Chinese personnel at the country's first overseas military base in Djibouti have been using lasers to interfere with US military aircraft at a nearby American base, activity that has resulted in injuries to US pilots and prompted the US to launch a formal diplomatic protest with Beijing, two military officials told CNN.
The US issued a notice to airmen "to exercise caution when flying in certain areas in Djibouti," which "was issued due to lasers being directed at US aircraft on a small number of separate occasions over the last few weeks," according to the notice obtained by CNN.
"During one incident, there were two minor eye injuries of aircrew flying in a C-130 that resulted from exposure to military-grade laser beams, which were reported to have originated from the nearby Chinese base," the notice said.
Two US military officials told CNN that the issue was of major concern as such activity can cause major accidents.
Military-grade laser beams, occasionally known as "dazzlers," omit a powerful beam of light that can travel great distances and be used to illuminate aircraft cockpits, temporarily blinding pilots.
The officials said that the State Department had lodged a formal diplomatic protest with Beijing in an effort to get China to stop the activity.
Chief Pentagon spokeswoman Dana White confirmed the incidents later on Thursday, saying the United States has "formally demarched" the Chinese government over the incidents and has "requested" that the Chinese launch their own investigation of the situation.
"This activity poses a true threat to our airmen," White said, later saying that the incidents had grown increasingly serious over the last few weeks.
A US defense official told CNN that the US military also believes the Chinese use similar lasers to interfere with US aircraft in the South China Sea.
A 2015 report in the official Chinese military newspaper the PLA Daily noted that "China has been updating its home-made blinding laser weapons in recent years to meet the needs of different combat operations."
According to the report, Chinese forces have access to at least four different types of portable blinding laser weapons, all of which look like oversized modified assault rifles.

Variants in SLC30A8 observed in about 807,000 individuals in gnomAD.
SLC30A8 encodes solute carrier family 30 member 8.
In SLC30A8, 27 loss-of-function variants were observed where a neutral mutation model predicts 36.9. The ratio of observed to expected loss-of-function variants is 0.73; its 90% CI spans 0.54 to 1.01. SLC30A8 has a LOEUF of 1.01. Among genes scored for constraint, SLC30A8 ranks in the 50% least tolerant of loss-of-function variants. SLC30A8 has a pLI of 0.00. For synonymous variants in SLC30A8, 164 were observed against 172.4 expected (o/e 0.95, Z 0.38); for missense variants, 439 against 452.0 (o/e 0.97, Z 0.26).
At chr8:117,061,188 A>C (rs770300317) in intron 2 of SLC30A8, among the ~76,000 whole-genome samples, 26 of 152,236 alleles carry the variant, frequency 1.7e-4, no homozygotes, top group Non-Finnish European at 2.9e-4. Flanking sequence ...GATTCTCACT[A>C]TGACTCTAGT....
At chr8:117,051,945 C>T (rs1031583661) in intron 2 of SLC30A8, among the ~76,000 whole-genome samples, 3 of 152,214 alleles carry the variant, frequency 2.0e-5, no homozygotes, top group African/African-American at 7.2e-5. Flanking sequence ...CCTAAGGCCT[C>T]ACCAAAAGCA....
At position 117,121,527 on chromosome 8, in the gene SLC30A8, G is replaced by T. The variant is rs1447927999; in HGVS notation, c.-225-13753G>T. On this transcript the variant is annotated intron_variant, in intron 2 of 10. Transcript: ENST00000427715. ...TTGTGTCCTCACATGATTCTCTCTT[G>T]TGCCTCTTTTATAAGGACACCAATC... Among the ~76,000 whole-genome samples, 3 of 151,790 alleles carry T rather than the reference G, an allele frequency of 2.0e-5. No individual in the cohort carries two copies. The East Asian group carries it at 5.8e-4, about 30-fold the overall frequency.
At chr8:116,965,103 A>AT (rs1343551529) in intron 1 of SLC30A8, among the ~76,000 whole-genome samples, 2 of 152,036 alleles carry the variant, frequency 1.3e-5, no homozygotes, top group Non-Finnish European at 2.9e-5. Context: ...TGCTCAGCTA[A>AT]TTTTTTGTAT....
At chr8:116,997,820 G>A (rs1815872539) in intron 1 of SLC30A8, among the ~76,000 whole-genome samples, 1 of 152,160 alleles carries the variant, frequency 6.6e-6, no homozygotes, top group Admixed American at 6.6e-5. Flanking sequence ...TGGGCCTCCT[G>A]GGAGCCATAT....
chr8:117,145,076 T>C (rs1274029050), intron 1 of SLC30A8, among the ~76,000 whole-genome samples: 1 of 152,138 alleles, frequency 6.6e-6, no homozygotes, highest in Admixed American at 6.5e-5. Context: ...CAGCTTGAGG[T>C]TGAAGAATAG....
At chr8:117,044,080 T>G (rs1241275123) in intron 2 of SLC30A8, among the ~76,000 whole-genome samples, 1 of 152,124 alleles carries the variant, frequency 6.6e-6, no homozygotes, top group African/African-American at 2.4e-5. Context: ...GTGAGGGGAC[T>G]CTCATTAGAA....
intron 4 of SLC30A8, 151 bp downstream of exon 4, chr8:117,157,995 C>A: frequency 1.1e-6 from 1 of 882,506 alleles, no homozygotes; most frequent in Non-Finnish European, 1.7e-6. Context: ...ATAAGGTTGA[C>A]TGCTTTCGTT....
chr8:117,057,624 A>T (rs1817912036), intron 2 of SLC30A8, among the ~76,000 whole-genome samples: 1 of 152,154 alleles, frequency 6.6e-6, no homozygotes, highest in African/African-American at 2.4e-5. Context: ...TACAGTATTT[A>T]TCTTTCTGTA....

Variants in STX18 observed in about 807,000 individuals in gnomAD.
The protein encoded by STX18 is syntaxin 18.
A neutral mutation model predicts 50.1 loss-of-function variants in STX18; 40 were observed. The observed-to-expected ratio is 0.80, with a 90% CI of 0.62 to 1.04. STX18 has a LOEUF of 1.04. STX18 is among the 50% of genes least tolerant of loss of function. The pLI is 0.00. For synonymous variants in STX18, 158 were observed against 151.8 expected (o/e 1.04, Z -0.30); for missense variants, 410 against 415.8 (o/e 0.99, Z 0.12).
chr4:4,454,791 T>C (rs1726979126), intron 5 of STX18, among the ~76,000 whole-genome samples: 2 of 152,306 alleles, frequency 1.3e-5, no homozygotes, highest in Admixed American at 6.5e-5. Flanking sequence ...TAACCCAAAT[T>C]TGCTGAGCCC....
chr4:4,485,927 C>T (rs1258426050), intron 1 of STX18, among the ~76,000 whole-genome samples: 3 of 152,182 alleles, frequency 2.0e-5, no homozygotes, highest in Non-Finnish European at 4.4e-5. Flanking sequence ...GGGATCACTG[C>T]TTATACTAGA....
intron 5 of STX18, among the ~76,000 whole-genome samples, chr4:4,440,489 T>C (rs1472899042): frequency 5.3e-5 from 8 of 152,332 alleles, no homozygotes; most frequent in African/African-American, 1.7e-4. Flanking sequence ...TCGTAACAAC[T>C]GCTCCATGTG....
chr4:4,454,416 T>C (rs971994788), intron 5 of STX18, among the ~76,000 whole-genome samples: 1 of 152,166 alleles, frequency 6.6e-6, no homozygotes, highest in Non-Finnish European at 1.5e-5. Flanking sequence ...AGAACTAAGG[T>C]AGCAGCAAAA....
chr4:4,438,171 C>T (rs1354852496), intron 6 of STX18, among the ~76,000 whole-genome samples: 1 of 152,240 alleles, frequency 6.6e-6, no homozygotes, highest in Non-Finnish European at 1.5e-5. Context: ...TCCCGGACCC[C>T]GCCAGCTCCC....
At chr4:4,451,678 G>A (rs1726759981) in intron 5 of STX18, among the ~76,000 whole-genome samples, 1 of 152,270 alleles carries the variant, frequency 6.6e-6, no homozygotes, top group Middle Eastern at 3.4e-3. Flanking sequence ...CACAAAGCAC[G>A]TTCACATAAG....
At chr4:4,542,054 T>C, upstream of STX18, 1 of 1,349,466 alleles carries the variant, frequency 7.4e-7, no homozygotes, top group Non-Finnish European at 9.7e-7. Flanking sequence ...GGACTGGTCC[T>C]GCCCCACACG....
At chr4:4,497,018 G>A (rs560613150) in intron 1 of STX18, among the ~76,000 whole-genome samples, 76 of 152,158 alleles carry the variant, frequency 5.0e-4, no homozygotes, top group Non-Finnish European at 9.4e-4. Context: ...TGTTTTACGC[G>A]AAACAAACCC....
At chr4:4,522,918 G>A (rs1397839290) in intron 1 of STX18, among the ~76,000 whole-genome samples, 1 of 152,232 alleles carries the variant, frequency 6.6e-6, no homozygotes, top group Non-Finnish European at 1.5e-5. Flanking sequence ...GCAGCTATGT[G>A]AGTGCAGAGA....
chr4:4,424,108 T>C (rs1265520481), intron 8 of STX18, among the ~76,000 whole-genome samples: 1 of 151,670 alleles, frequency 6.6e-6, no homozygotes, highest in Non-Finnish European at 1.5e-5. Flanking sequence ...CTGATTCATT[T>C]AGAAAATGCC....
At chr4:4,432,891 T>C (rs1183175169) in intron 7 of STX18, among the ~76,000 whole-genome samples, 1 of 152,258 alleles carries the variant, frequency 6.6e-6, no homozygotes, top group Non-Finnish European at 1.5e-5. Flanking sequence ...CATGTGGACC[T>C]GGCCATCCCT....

Both China and the US are signatories to the Protocol on Blinding Laser Weapons, which prohibits the use of blinding laser weapons as a means or method of warfare.
Competing military bases
Last month the US military was forced to briefly halt air operations in the East African nation of Djibouti, a critical location in the fight against terrorism, following a series of accidents involving aircraft. The halting of air operations was done at the request of Djiboutian government.
Chinese state media on Thursday strongly refuted the claims by US defense officials, accusing them of "cooking up phony laser stories."
Quoting Chinese military experts, state media tabloid Global Times said Beijing's Djibouti base was "small and serves as logistical support."
"The US should treat the base with a fair attitude and stop making up rumors about it," the expert was quoted as saying.
There are about 4,000 US personnel in Djibouti, based at Camp Lemonnier. The US military places a lot of importance on its ability to base forces in Djibouti given its critically strategic location near countries like Somalia and Yemen, where the US regularly targets terrorists in airstrikes.
But US officials have recently expressed concern about the growing influence of China in Djibouti, noting its establishment of its first military base there and its close economic links with the country.
Djibouti relies heavily on investment capital from the Chinese government and the two have close diplomatic ties.
In late February, US lawmakers raised concerns Djibouti was planning to hand over control of a major commercial port to China, after the local government seized the port and canceled the previous operator's contract.
The port, located beside the Chinese military base, is the primary access point for American, French, Italian and Japanese bases in Djibouti.
Gen. Thomas Waldhauser, who oversees US Africa Command, acknowledged both challenges during an appearance before Congress in March.
"We are taking significant steps on the counterintelligence side so that we have all the defenses that we need there, there is no doubt about that," said Waldhauser, referring to the proximity of the new Chinese base.
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